The basic conditions FEMA expects to occur in a fallout shelter are as follows:

* Shelter stay may be required for several weeks to protect the population from radioactive fallout.

* Outside support may either be overwhelmed with other problems or terminated and thus unavailable.

* Shelter populations may be quite large; severe crowding may exist with each occupant permitted as little as 10 square feet of livable space.

* Vital provisions such as food, water, and medicine may be scarce and ventilation may be poor.

* Shelter populations evacuated from high density disaster areas may be a diverse and heterogeneous mixture of ethnic and socioeconomic groups.

* Some occupants may have injuries resulting from direct weapons effects.

* Family members may be separated from each other.

* Extreme physical, behavioral, and health problems may quickly develop among the sheltered populations because of the above conditions.

The management of human problems in a shelter environment is complicated by the fact that humans interact with one another producing secondary effects. For example, food or water deprivation can lead to antisocial behavior or maladaptive responses. At the same time, food and water deprivation can lower body resistance to infectious diseases. Psychosomatic illness and heightened fear can create sleep loss and fatigue which, in turn, can result in violation of shelter rules or violence.

Management problems to he expected are criminal behavior, sexual behavior, use of alcohol and drugs, fighting, gambling, hoarding and inappropriate use of supplies, smoking, unwillingness to obey rules, dangerous personal belongings and rebellion.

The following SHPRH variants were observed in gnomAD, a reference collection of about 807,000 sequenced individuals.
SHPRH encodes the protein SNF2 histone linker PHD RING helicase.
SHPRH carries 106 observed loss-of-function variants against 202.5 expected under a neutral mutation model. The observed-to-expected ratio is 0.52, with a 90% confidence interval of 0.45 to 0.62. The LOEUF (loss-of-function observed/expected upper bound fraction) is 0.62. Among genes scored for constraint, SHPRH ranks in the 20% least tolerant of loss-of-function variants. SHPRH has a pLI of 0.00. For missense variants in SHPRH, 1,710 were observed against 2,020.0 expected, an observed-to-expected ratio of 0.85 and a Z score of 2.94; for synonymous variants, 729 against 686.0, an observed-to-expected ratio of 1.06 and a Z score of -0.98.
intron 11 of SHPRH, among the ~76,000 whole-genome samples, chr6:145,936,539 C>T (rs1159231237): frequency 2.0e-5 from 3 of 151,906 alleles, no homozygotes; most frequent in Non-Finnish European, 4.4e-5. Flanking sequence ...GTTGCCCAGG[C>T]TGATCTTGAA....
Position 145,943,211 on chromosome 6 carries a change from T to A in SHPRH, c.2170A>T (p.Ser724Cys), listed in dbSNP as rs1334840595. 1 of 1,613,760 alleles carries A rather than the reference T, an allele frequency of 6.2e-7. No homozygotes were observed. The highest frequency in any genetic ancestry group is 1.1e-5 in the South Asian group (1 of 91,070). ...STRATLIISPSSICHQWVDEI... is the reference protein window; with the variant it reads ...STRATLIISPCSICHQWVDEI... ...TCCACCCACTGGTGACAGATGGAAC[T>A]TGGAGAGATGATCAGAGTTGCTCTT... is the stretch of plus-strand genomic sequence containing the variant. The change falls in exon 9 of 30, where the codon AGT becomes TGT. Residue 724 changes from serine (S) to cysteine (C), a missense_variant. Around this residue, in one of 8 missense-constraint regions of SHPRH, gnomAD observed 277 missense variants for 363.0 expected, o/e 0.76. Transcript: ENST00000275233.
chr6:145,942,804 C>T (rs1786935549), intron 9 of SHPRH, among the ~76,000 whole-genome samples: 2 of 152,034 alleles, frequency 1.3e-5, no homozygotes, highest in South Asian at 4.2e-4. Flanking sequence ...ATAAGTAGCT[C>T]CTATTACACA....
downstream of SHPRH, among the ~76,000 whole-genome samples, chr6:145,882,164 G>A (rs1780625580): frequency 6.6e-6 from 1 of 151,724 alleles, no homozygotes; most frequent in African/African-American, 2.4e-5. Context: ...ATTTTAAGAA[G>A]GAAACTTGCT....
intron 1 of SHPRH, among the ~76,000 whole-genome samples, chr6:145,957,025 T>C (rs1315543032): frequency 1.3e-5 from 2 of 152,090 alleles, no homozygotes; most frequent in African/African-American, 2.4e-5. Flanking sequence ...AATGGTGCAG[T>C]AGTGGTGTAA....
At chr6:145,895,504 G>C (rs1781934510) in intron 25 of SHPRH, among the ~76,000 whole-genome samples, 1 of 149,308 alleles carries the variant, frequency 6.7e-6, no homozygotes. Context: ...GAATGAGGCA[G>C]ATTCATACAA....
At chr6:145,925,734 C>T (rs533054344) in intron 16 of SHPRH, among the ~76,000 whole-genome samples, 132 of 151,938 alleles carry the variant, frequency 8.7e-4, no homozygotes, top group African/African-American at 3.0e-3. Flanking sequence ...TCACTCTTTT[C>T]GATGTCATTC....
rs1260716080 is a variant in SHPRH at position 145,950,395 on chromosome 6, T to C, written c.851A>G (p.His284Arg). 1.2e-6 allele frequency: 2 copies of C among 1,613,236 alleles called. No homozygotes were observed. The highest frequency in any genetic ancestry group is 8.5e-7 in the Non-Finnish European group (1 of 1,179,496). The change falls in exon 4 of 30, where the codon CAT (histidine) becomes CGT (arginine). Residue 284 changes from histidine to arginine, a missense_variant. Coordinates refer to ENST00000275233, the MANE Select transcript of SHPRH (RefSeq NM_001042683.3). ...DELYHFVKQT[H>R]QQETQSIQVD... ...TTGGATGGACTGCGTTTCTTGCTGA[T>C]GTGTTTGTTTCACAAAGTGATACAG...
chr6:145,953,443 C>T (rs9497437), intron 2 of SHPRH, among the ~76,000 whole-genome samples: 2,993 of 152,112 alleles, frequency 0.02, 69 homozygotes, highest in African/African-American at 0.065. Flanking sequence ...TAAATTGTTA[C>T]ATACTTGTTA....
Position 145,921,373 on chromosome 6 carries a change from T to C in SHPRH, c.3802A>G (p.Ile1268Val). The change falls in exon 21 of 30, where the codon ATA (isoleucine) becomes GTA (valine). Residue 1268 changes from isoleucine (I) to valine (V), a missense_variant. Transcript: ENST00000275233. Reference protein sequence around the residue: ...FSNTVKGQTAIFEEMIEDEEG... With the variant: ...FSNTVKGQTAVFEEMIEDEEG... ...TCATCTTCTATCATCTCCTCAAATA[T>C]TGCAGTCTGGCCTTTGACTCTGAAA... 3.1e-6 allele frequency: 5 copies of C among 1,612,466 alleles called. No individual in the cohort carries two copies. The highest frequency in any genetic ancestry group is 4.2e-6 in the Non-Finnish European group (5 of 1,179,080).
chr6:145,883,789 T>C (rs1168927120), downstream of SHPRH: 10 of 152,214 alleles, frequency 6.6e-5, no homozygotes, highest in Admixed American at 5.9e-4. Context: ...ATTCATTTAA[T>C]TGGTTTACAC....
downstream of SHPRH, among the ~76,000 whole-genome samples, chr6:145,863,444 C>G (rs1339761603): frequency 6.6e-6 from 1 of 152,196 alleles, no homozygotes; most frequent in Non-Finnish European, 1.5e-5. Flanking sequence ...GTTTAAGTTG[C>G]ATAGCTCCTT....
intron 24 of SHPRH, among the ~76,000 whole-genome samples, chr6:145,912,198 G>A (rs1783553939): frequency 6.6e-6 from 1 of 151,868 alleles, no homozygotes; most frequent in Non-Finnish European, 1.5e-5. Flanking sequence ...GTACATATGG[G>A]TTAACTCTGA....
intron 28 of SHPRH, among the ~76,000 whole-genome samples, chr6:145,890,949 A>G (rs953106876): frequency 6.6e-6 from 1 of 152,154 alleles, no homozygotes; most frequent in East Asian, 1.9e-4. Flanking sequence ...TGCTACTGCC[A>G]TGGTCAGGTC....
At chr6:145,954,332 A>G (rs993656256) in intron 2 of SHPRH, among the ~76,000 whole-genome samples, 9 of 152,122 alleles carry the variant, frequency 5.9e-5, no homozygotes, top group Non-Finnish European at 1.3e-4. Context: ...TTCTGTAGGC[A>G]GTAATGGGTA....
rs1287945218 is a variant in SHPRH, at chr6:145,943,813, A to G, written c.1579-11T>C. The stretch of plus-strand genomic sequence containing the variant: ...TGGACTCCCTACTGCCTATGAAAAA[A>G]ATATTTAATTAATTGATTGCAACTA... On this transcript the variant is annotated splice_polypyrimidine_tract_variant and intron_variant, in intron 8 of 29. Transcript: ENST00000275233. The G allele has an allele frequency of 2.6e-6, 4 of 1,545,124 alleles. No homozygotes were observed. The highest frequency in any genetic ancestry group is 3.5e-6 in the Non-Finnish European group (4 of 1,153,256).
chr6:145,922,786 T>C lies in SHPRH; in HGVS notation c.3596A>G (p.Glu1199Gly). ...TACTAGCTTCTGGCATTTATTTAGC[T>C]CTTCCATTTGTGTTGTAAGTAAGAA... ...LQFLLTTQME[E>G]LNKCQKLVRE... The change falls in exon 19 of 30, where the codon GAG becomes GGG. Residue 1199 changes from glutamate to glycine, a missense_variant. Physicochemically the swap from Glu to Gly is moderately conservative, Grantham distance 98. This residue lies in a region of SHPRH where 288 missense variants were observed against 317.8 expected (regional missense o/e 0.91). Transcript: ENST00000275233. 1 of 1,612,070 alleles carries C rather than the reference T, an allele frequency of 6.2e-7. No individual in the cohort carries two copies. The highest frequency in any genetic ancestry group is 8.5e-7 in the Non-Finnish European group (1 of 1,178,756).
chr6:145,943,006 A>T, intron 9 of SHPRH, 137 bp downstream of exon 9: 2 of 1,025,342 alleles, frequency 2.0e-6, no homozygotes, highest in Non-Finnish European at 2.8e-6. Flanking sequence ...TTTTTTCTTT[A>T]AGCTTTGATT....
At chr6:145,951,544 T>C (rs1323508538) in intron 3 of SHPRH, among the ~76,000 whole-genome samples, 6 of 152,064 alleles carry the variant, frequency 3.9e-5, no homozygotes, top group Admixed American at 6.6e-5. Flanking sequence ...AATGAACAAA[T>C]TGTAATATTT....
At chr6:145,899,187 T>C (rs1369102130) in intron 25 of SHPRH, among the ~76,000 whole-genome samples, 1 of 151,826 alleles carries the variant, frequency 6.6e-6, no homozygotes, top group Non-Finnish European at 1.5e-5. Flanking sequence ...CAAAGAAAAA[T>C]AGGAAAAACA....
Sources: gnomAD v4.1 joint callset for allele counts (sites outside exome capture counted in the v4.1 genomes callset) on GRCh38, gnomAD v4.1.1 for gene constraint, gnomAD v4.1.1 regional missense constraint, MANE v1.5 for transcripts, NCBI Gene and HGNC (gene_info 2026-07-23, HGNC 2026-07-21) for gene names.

Respiratory infections are the most common and troublesome of human infectious diseases. Usually mild, they may become serious under shelter conditions and will spread rapidly throughout the shelter population. The most likely respiratory infections will include the common cold, meningitis, streptococcal infections, influenza and staphylococcal infections. In some cases, pneumonia outbreaks will occur.

As you read what is expected to be experienced in a public civil defense shelter, you may have concluded a public shelter is not the place to be. Consider learning more about storm and nuclear shelter protection, expedient shelters and home shelter construction before the need may arise.

Shelter construction booklets are available from the federal government and they explain fallout protection concepts. These publications are quite dated but the information is still valid. Explanatory written instructions are supplemented with illustrations and drawings. The procedures described are usually based on the work being done by the homeowner rather than a professional builder and simple techniques are normally suggested. For a free bibliography of federal civil defense home shelter plans, send a SASE to Shelter Plans, 977-8 Mill Creek Run, Suwanee, GA 30174.
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Author:Larson, Ken
Publication:Countryside & Small Stock Journal
Date:Jan 1, 1993